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2 accused of keeping children in boxes started nonprofit to help children with attachment disorders

They called it RADDLE Inc., Reactive Attachment Disorder - Developing Attachment Through Love and Empathy.
Farmington Police said the woman arrested after children were found in plywood boxes ordered child-sized inmate uniforms while employed by the Farmington Department of Corrections.

FARMINGTON, Mo. — The adoptive mother at the center of a child abuse case in Farmington wanted her four children to wear prison uniforms, the St. Francois County Sheriff’s Office said Wednesday.

Police said Laura Cheatham, the woman arrested Tuesday in this case, was a former employee of the Missouri Department of Corrections and ordered four child-sized prison inmate uniforms.

Police said Cheatham told the person in charge of the clothing division that the uniforms were for her kids. Investigators for the Farmington Police Department took custody of the uniforms from the Farmington Correctional Center.

A hotline tip led deputies to her home Tuesday, where they say they discovered four dark boxes, no bigger than jail cells. They say Cheatham and Daryl Head barricaded one child in each box, trapping them inside with plywood and screws. They had no access to water or the bathroom.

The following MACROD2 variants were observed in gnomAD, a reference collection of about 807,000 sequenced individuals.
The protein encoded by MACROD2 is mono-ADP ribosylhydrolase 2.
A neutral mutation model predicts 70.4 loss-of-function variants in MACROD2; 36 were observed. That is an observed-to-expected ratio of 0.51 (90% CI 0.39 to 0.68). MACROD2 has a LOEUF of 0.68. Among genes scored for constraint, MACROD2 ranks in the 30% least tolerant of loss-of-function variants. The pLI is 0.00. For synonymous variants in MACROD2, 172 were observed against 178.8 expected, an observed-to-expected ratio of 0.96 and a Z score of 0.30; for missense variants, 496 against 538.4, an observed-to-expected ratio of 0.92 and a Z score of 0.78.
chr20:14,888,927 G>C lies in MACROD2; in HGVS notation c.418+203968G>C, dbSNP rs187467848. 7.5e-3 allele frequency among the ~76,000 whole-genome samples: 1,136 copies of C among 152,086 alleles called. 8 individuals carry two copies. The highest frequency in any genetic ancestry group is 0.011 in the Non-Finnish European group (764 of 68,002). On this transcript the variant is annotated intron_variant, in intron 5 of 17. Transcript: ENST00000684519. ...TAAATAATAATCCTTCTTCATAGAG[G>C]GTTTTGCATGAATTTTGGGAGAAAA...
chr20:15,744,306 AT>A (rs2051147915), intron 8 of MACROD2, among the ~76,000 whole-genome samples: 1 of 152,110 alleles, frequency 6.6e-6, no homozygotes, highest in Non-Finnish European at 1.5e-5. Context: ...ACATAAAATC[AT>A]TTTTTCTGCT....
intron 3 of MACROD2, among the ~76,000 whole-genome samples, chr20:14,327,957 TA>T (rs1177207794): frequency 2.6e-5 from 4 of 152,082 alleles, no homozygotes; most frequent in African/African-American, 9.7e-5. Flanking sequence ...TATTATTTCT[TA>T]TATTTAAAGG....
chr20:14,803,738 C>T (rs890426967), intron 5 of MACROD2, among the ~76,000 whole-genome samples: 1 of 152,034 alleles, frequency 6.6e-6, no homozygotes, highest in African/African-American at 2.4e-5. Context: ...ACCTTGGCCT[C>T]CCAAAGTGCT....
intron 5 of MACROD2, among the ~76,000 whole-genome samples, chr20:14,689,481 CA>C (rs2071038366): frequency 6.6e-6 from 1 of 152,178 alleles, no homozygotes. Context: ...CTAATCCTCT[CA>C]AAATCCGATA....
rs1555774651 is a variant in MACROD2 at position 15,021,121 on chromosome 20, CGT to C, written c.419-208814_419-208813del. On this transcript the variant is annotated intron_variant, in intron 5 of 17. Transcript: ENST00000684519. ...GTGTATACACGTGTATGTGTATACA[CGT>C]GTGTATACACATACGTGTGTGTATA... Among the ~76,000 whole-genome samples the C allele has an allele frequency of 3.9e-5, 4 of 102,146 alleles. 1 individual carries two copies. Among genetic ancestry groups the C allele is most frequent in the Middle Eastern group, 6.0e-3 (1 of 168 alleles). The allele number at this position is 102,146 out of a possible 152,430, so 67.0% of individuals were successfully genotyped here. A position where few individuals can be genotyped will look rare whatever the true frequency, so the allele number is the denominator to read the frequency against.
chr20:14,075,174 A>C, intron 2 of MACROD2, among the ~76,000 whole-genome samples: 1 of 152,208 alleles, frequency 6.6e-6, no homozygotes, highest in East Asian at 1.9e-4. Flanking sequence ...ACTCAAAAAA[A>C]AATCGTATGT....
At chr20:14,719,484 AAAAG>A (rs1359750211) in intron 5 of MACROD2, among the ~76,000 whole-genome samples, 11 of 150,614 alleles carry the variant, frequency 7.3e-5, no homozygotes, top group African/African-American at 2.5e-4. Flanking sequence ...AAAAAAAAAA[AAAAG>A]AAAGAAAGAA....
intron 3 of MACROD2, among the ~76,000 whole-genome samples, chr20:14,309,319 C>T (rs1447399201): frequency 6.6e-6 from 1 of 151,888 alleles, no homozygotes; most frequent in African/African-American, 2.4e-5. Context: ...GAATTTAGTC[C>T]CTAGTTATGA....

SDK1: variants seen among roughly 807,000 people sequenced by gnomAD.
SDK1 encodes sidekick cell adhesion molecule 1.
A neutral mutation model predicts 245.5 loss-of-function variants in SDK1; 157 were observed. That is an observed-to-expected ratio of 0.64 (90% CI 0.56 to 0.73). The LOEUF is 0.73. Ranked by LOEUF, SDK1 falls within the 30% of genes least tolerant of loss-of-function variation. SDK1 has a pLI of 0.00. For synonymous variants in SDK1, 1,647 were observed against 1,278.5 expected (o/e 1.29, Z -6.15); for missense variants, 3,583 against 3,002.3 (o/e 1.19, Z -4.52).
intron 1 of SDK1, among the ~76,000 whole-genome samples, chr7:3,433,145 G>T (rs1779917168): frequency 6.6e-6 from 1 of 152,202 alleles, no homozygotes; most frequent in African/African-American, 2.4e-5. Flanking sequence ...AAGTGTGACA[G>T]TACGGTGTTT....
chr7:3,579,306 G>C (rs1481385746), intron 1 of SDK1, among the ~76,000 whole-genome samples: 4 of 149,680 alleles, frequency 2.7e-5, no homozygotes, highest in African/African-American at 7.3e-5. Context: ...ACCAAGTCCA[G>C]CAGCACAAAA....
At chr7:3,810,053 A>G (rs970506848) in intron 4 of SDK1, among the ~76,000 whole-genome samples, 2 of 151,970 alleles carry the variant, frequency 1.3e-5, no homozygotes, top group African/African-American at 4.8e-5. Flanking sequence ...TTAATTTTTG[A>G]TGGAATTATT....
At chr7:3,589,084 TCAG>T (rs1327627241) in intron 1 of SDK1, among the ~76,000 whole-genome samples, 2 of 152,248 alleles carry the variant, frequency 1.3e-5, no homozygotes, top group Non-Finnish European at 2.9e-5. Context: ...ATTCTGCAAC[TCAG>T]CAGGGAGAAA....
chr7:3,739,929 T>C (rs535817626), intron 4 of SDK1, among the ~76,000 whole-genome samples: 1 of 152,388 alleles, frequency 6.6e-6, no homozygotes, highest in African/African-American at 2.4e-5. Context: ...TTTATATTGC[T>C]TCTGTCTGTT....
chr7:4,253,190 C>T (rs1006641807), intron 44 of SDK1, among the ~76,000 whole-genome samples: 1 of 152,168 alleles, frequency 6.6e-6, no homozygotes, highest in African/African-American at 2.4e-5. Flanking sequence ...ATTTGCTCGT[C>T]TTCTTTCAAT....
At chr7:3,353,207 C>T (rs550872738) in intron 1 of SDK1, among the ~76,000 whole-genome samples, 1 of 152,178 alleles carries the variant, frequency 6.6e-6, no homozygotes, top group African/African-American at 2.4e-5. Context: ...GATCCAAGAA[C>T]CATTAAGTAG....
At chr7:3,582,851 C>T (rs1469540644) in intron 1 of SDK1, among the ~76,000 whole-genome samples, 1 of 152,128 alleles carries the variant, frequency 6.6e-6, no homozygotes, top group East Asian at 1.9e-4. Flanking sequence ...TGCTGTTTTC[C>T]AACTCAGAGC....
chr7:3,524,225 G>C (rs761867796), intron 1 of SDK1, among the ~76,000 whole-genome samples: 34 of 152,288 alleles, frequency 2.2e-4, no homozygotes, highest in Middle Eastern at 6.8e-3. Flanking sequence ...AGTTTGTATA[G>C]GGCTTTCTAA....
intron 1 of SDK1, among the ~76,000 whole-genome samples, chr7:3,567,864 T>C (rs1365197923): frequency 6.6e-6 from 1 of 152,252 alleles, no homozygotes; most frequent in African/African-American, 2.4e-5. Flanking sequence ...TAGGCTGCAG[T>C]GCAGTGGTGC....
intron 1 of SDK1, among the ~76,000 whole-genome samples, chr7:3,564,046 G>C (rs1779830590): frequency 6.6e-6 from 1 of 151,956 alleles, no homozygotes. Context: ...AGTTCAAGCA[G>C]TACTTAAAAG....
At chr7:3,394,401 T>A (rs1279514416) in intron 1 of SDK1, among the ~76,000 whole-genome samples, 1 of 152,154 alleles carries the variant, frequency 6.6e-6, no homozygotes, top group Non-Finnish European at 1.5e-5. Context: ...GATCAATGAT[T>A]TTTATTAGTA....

5 On Your Side discovered Cheatham and Head started a nonprofit last year designed to help children with Reactive Attachment Disorder. They called it RADDLE Inc., Reactive Attachment Disorder - Developing Attachment Through Love and Empathy.

"Reactive attachment disorders can be really challenging for parents,” said Dr. Jennifer Ladage, a SLUCare pediatrician at SSM Health Cardinal Glennon Children’s Hospital.

Ladage says kids with the disorder can be anxious and angry because they're unable to feel comforted or protected by their parents or caregivers.

"You do see it a lot in children from foster care and adopted children because of that early life experience, you know, neglect, multiple caregivers,” she said.

The sheriff tells us Cheatham adopted the four kids in the home with her ex-husband.

At this point, we don't know if the boxes were part of the data collection and research the couple outlined in their mission statement or something else.

Justen and Cheatham, both 38, were charged with five counts of endangering the welfare of a child, three counts of second-degree kidnapping in connection with the incident.

The investigation is ongoing.

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